The BJP cannot hope to be complacent with its victory, and Congress need not be despondent.
The BJP’s sixth consecutive victory in Gujarat comes with a few riddles, while the Congress’ defeat brings its own solace. It would be easy to argue that there are no consolation prizes in elections, and that there are only winners and losers, and that the BJP is a clear winner and the Congress a clear loser. Politics is a little more complicated than that. The BJP cannot hope to be complacent with its victory, and Congress need not be despondent.
It seems clear it’s a victory for Prime Minister Narendra Modi, though it’s a qualified and limited victory. A majority of Gujarat’s voters, it seems, didn’t let down a fellow Gujarati who is the nation’s Prime Minister. They didn’t want to throw out the Prime Minister’s party though they had every reason to do so. The loyalty shown by the Gujarati voter to Mr Modi is quite touching because Mr Modi abandoned his seat from Gujarat in the Lok Sabha and retained his seat from Uttar Pradesh, Varanasi. In a way, the voter in the state has forgiven the betrayal of Mr Modi. As a matter of fact, the BJP’s victory is really a consolation prize for the party. There is little doubt that Mr Modi stooped to melodramatic, maudlin levels — saying that voters in Gujarat should avenge the many insults that have thrown at him by his Congress opponents, a clear reference to the pungent remark of now-suspended Congress member Mani Shankar Aiyar about Mr Modi being a “neech” (lowly) kind of person — to retrieve the situation which seemed to be slipping out of control. His appeal for votes was not so much on the BJP’s programmes. It seems there was not much either Mr Modi or the party had to say. The party’s manifesto seems to have been an afterthought and it was released in a hurried and unthinking manner, a day before the first phase of voting on December 9. He made it a personalised issue. It can be said that Mr Modi has won and the BJP has taken a beating.
It remains a puzzle as to why the Gujarati voter has opted for the BJP for so long because the claims of development made by Mr Modi and his party do not survive scrutiny. There is no such thing as the “Gujarat model” because the economy of the state is complex and riddled with contradictions, and these problems are not unique to the state. The BJP’s partisans have tried to argue the case for a non-existing “Gujarat model”. The economy is running on its own momentum and has little to do with the interventionist policies of Mr Modi as chief minister and Prime Minister. The failure of the Tatas’ Nano project is an interesting example. Gujarat plays no great role in the overall economic growth rate of the country because it is a moderately-sized state in terms of population and economy. It can’t be expected to play the leading role. The Gujarati entrepreneurs and tycoons who seem to exemplify the success of the Indian economy operate outside Gujarat, including the Tatas and Ambanis.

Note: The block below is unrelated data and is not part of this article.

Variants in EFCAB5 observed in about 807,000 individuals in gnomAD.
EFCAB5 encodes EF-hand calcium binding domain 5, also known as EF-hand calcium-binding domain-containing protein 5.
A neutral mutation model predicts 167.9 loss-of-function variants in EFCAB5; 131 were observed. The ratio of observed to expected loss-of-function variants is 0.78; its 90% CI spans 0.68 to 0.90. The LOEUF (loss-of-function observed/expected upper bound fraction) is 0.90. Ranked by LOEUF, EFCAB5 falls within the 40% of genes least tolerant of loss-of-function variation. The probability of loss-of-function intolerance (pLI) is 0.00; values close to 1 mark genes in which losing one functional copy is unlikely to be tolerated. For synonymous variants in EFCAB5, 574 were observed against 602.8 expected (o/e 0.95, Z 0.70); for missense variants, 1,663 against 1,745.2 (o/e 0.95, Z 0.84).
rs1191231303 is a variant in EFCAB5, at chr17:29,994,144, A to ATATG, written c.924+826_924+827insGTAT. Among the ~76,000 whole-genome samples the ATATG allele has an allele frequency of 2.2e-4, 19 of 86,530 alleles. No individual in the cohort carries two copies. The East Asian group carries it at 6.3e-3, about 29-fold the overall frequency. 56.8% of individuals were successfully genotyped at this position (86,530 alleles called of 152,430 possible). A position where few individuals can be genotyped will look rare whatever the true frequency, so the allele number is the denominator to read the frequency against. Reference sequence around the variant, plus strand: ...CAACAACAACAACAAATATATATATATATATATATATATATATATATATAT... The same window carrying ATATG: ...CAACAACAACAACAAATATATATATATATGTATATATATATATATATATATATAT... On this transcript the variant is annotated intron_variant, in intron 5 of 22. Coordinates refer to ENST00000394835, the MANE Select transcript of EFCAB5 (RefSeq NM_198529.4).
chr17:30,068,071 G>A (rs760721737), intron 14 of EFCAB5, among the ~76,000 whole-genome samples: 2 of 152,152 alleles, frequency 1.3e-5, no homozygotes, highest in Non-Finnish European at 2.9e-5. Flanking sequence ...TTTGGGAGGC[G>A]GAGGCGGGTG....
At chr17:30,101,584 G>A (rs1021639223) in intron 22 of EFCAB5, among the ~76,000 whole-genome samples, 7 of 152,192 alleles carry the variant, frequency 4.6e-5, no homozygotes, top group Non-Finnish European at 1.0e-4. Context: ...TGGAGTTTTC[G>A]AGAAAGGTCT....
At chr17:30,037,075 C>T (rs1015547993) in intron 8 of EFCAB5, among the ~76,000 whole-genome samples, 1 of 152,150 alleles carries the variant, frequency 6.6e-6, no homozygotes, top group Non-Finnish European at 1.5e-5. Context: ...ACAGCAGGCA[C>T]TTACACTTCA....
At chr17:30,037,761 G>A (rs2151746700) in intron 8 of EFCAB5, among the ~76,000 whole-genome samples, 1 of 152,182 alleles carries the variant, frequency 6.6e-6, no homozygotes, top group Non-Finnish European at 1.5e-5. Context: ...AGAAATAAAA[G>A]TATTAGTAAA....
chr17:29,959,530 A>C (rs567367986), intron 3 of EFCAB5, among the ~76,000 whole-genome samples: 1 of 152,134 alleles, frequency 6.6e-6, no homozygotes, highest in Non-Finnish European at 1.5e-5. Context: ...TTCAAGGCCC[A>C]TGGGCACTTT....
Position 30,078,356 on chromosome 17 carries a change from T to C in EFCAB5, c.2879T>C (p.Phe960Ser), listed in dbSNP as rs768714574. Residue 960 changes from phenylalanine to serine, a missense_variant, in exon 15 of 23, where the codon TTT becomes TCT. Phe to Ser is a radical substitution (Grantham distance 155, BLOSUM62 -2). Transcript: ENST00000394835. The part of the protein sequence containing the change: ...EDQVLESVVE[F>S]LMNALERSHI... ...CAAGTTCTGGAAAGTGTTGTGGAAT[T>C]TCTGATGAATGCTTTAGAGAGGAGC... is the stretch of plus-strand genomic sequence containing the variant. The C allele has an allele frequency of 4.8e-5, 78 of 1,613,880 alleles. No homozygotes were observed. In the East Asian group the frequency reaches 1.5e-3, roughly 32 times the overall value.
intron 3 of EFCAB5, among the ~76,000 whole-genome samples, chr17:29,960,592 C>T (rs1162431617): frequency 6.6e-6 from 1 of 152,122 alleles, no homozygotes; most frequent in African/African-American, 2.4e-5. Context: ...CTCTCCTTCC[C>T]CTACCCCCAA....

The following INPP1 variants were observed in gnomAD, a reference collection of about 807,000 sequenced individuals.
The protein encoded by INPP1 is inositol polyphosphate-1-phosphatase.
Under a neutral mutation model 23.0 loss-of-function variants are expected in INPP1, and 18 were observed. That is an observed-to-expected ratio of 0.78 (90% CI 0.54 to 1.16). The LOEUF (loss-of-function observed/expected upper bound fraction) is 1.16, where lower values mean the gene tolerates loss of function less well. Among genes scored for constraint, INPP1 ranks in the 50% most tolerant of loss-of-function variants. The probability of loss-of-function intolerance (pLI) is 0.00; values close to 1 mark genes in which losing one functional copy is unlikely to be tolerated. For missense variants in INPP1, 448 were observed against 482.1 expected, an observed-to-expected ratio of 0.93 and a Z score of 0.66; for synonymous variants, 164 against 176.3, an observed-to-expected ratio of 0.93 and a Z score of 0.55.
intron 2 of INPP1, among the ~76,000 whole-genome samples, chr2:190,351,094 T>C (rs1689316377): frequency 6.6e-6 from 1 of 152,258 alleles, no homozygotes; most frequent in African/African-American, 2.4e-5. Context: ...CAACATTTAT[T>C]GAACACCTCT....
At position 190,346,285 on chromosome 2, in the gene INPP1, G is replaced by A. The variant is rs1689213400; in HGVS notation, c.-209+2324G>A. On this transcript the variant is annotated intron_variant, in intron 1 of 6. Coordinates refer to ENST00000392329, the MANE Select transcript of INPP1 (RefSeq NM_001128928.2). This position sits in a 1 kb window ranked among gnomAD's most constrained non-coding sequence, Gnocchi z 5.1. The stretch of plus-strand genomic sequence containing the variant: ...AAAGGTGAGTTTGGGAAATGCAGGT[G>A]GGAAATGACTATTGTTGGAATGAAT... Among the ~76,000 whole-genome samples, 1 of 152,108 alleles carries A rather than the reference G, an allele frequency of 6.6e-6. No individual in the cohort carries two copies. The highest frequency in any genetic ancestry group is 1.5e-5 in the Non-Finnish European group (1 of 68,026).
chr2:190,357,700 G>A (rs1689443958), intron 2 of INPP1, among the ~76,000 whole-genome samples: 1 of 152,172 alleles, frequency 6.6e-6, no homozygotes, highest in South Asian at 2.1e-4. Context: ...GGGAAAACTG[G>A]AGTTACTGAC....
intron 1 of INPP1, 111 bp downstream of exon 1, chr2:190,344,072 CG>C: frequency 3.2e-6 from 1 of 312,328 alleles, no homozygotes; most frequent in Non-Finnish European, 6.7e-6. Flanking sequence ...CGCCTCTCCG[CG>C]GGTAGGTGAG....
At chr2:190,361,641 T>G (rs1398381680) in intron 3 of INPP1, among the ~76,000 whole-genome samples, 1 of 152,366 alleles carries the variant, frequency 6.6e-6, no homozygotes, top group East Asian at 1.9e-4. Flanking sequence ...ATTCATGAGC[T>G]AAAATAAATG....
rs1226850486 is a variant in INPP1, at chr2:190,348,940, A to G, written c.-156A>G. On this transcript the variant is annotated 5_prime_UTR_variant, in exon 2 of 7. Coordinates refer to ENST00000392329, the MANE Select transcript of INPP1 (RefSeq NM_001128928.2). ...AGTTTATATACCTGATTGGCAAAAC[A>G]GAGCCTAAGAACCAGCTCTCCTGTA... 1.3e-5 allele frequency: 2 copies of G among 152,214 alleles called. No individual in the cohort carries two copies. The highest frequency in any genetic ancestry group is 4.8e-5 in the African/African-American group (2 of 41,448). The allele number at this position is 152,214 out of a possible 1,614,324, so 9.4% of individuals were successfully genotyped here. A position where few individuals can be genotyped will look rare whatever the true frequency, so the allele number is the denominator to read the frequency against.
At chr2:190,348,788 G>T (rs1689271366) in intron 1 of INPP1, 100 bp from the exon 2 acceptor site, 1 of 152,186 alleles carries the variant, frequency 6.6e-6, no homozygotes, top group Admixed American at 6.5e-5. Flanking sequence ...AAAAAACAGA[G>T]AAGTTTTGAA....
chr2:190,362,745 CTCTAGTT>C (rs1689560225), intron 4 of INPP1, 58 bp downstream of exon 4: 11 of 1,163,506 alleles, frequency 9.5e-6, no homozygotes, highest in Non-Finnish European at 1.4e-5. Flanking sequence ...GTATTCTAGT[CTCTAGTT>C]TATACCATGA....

That leaves us with the question whether the BJP’s Hindutva ideology is the secret behind the party’s unmatched electoral success in the state. There is a temptation to believe this is so, and secular partisans will dredge out enough anecdotal evidence to prove the point. But it seems Hindutva is past its expiry date, and the BJP seems to be aware of it. The Hindu communal bias is certainly writ large on the social psyche of the people in the state but it predates the emergence of the BJP as the dominant political force. And after 22 years of BJP rule, it has no special attraction for the people.
The Congress, which is the only other major political party, has failed to articulate a compelling political and economic programme for the state. Promising reservations, the old gambit, just doesn’t seem to work in Gujarat any more. The reason for the BJP’s sustained victories is because there has been political stability in the state. The intra-party tussles which characterised Congress governments, and which led to manipulated social tensions, have disappeared.
The Congress has once again tried to take advantage of caste divisions by supporting Patidar and Dalit causes, and backing claimants to the leadership of the groups, which pointed to future conflicts.
The Congress will have to abandon its caste calculus if it wants to make headway in Gujarat or elsewhere. The Other Backward Classes (OBCs) and Scheduled Tribes (STs) in Gujarat, who form the BJP’s “Hindutva” backbone, had a numerically larger base, and the BJP had mobilised it.
There was some justification for Mr Modi to have fallen back on the emotive “Gujarati asmita” to counter Rahul Gandhi’s bid to wean away dominant castes and communities. The BJP, then, is surviving as the top dog in state politics because the Congress has failed.
The other interesting political fact about Gujarat is that both major parties in the state have garnered more than 40 per cent voteshare, with the BJP nearing the 50 per cent mark. It shows there is a large chunk which is not enamoured of either Mr Modi or the BJP.
To speak of the Modi charisma and Modi magic to explain the Gujarat victory would be a lame explanation. The people of Gujarat are just weighing their options. There is an indication that the state is ready for the emergence of a third force, but it must be on the lines of the now-forgotten Swatantra Party, with a rightist economic programme. The BJP and Congress resemble each other in their jaded populism.